I shook my head. Mark and Jane were right: the shop simply is not there. I cannot see how it has happened, but it has. Even that man and his premises have fled from us. I am stuck with my cursed treasure.

Lizzy sighed. ‘A mystery. I thought maybe there was news of Samuels, when the master rode off so fast.’

I jerked round to face her. ‘Josiah is gone?’ ‘Aye. Didn’t you know?’

‘I was at church.’

‘Oh.’ Without looking at me, she threaded her needle. ‘Rode out about an hour ago, he did.’

Foreboding hit me, as keen and sharp as the wind hurtling over the hills. ‘Fast?’

‘Aye.’ She pursed her lips. ‘As fast as if the hounds of hell were on his tail.’



I waited in the Great Hall. The day wasted fast. Indigo clouds blushed pink underneath as the sun slipped away. Blackbirds chimed until the light extinguished, then the owls began to mourn.

At long last the gravel crunched. I heard voices in the stable yard and the tramp of feet. Moments later Josiah strode through the door, splashed with mud.

I flew to him. ‘Josiah, what is it? What has happened?’

His look was guarded. He removed my hands from his cloak and held them at a distance. ‘The boy has been found.’


‘Yes. It was our own man, our own Mark, who found him.’ ‘Thanks be to God.’

‘Finally, I have some news to send to the King.’

What a blessed relief to picture that evil spirit captured and shackled! I had never supposed that the devil would sup with a child

so young. I remembered Merripen’s eyes, dark and blazing like a brazier of flaming pitch, and it struck me cold.

Foolishly, I thought that would be an end to it; that Josiah and I could go on as before. But he released my hands and swung off his cloak, turning from me as he said, ‘The boy will be confined in Torbury St Jude tonight, and tried tomorrow. I shall attend.’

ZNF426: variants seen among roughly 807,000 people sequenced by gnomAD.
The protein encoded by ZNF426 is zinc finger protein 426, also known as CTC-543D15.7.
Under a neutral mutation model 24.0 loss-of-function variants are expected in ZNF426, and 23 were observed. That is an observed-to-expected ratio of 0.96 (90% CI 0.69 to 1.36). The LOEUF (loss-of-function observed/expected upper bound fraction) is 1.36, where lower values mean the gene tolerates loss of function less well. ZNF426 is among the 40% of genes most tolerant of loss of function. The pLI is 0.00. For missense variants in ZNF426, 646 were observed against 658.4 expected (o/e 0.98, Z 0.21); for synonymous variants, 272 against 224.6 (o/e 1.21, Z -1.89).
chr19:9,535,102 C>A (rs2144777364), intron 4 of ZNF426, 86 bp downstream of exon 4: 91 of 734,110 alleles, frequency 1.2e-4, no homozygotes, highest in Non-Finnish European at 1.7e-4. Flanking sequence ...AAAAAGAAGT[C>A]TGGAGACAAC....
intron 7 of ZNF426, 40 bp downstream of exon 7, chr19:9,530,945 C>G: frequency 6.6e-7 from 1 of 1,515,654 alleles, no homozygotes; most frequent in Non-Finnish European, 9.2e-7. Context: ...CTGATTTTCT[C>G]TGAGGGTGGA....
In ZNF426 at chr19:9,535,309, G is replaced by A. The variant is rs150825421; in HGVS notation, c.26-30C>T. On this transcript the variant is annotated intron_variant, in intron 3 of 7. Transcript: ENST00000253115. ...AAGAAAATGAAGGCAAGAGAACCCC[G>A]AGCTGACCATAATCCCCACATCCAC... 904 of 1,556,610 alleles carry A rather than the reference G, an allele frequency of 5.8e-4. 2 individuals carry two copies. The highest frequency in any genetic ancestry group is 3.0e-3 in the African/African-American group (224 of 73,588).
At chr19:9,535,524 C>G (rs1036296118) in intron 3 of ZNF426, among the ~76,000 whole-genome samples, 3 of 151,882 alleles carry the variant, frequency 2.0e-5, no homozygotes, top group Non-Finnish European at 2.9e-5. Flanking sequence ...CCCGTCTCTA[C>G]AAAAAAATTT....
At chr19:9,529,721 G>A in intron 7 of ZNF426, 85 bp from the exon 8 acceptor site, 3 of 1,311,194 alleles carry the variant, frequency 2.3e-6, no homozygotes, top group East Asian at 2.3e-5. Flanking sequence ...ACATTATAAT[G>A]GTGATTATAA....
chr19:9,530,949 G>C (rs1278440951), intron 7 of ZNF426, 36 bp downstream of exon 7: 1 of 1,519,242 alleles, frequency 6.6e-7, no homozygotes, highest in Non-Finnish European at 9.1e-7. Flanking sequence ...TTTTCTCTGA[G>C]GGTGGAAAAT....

‘Tomorrow is All Saints’ Day.’

‘The day after then,’ he said irritably.

I knew I should leave it there; congratulate him and flee from his sight. But a raw uneasiness in my soul compelled me to blurt out, ‘What will happen to him?’

He stared at me. His pointed beard made his mouth appear mocking, somehow cruel. ‘That will depend on the verdict.’

Guilty. It must be guilty. Josiah will not let them find anything else. His reputation stands on the line. If he cannot catch and punish the miscreant who offended the Queen in his own house, his shame will know no end.

My throat grew tight, tight enough to choke me. I remembered the man who had his ears cut off. ‘A traitor’s death, then? Will they truly bestow that upon a boy?’

His crack of laughter made me jump. There was no mirth in it. ‘A boy! Can a human boy do that to an animal? Oh no, my lady. Mark my words, he is possessed of a demon.’

‘Indeed he must be. At that young age!’ He is only a little older than my Hetta. I pictured him, so short beneath the scaffold. How thickly the rope would pile around his small neck, how smooth and flat his little stomach would lie beneath the blade. A child hung, drawn and quartered. ‘Do you expect the King to show mercy?’

‘Mercy?’ He spat the word out like a thing vomited. ‘Would you extend mercy to the fiend?’

I stuttered. ‘No . . . I do not know. Deeds so wicked cannot go unchecked, and yet . . . Does not something within you baulk at this? Do you not feel the execution of a child will hang heavy upon your soul?’

‘In nowise.’ His eyes glittered. I did not like the thread of steel in his voice. ‘am not responsible for this. The only person responsible is you.’

It hit me like a blow to the face.

You let him into the stables, you put the horse in his way. This would not have happened were it not for you.’ His glare pinned me to the spot. ‘If anyone has that boy’s blood on their hands it is you, Anne, and you alone.’